So we just finished up a mini doc about my perspective on film. The catalyst for the project was to create a 2 minute doc about something you are passionate about to win a Sony FS7. It turned out really well. Please check it out.
So it has been a long time coming. As a camera operator I have always longed for a Steadicam. In recent years there have been many imitators of the famous brand of camera stabilizer. Until now I have resisted such temptations. So as the industry prepares for another revolution in camera stabilizers with the introduction of Movi and BeSteady I have finally picked up a stabilizer.
So a job coming up requires stabilization and I had my eye on the steadicam Solo since it was announced but it isn’t available yet so I went with another inexpensive model from Adorama branded as Flashpoint Zerograv. This one is sold with or without a vest/arm. I went with the vest (not pictured) because I don’t want to put any more strain on my wrist at this point in my life. A DSLR may be light, but not for extended periods of time.
I’ve never had a stabilizer before, but I have played around with Merlin, Glidecam and even a Pilot. I’ve always thought they were too difficult to set-up, etc. All true. Now I’m pretty sure the more expensive the stabilizer the better it may maintain its balance throughout the day, but nothing is easy. The Flashpoint was pretty easy to balance despite having no manual or instruction. Most of the forums will also tell you the same thing. It requires lots of practice, adjustment and more practice. After a couple days of practice I can get footage that looks better than hand-held but by no means does it look like Goodfellas.
So I got my 120mm Zeiss Jena in a neat package wrapped in twine from the Czech republic. It looks to be in good shape and mounted easily to the 5D with an inexpensive adapter.
Last weekend I took it out on a shoot and used it for the interview with a photographer.
Really happy with how it looks. The next step would be to put it up against a comparable modern lens to see how different it really is. It still has the limitations of a still lens for filming motion like clicked stops and and the focus rotation. I’m already looking at others that would be a good match. maybe a 65mm? An 80mm for sure.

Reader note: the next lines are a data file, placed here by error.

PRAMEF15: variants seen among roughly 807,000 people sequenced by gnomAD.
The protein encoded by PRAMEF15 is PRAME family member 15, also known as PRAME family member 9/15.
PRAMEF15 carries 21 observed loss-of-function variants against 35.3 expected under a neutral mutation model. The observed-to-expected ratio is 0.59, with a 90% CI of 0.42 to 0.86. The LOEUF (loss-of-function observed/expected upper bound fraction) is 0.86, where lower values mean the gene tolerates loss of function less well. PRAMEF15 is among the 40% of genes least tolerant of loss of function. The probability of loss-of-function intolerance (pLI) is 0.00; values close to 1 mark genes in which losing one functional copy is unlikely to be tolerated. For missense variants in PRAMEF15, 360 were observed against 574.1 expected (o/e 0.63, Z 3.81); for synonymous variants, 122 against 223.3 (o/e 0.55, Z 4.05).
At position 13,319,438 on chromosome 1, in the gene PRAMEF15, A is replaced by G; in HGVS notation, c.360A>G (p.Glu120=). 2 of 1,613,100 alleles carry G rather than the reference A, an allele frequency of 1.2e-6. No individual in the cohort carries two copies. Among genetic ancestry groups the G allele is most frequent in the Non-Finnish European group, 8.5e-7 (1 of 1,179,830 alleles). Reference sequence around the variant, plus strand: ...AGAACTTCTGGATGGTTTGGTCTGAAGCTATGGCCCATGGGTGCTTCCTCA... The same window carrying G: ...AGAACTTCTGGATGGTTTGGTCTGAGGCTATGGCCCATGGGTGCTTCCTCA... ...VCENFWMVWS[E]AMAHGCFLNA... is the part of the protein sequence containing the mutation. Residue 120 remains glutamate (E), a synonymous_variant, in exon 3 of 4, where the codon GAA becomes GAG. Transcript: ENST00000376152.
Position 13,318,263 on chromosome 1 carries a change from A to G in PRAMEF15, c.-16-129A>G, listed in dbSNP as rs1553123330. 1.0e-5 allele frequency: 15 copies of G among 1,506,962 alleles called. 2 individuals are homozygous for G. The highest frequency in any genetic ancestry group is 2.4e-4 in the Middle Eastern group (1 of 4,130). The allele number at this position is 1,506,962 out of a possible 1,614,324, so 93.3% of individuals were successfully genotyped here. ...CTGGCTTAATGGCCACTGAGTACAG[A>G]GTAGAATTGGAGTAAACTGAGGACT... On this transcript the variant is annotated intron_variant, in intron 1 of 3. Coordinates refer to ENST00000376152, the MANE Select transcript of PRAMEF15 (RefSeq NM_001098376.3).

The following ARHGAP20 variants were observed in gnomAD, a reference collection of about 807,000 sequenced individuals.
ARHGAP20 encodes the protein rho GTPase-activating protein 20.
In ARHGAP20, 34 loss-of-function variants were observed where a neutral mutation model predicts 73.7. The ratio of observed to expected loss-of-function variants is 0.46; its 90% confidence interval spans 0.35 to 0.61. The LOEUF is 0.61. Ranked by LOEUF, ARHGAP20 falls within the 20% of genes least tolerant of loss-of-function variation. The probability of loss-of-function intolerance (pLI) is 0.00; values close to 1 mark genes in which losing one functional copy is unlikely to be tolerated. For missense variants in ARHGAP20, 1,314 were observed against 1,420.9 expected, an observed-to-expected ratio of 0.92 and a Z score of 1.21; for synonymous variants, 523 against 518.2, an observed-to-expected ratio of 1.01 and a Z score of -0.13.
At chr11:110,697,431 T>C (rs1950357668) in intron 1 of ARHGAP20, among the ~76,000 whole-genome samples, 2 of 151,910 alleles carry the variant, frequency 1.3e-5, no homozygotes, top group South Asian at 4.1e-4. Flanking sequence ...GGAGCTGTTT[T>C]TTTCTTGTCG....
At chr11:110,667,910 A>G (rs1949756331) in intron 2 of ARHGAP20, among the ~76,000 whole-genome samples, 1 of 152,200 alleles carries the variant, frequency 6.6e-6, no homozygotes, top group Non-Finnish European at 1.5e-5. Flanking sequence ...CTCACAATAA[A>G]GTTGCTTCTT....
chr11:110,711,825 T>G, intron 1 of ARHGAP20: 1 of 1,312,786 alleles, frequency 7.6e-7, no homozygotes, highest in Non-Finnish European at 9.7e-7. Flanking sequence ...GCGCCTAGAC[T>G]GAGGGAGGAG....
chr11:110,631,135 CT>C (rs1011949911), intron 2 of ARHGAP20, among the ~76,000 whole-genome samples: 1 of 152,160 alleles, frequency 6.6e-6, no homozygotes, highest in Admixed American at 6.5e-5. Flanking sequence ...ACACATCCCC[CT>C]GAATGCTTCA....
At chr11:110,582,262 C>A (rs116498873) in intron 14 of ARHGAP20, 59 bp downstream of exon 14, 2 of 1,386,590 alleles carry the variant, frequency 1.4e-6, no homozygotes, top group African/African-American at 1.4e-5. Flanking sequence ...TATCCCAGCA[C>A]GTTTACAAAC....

Ever since I was in film school most professionals would say how important the glass you shoot with is more important than the camera or format. I’ve always held on to that idea even when shooting with a crappy kit zoom. Sometimes you just need a 300mm and the only one available is, well, embarrassing. Anyway I remember shooting with Pentax 6X7 SLR cameras back in school and they had these beefy lenses to cover the medium format. I was thinking about those lenses and sure enough Zeiss Jena, the East German lens maker made lenses for the commie version of that camera and others with the same mount. So after a little looking I took the plunge and sprung for a zebra 120mm Biometar 2.8. Of course the Chinese will make an adaptor for every mount, so we’ll see what this lens has to offer photography and cinema on a 5DmkIII. The later Jena lenses offered an MC or multi-coated lens and these look more like the leica R lenses, at least from the outside.
Alright, I’m the film guy. I just had a thought about how new film stocks would come out every couple of years. The manufacturer would tout how amazing and improved the stock is and how it was simply better in every way than the previous 200T or whatever. Then every article in American Cinematographer would talk about shooting the older stock, because the cinematographer knew how it would look through post, because they need time to acquaint themselves with the new stock. Even years after a stock had been discontinued you might hear someone say, wow I really miss ’93, the color palette was amazing. So my point in this post is that digital cameras are flying at us with unprecedented speed and we see even more tests on vimeo or forums but I don’t see that we are comfortable with what is right now like we were with film. This post will be out of date in a month. Whatever camera I mention will have a new update, new model or be completely antiquated in a month.
Right now I’m using a Canon 5DmkIII. I also use a RED ONE MX and RED Scarlet from school. And I have a Panasonic HVX in the closet that comes out to play on long format productions. These are good for now, but there is something better. Dragon, Alexa, Black Magic, Sony. They all have cameras that are better, smaller, faster out right now. The point I’m trying to make is will my 5D or Scarlet be the films stock that is no longer manufactured? Or is the new Dragon sensor really a better film stock than that old 93 ever was and I just need to move on? Will it be good enough to not compare to film at all?
Here’s another clip from Epic Dragon tests.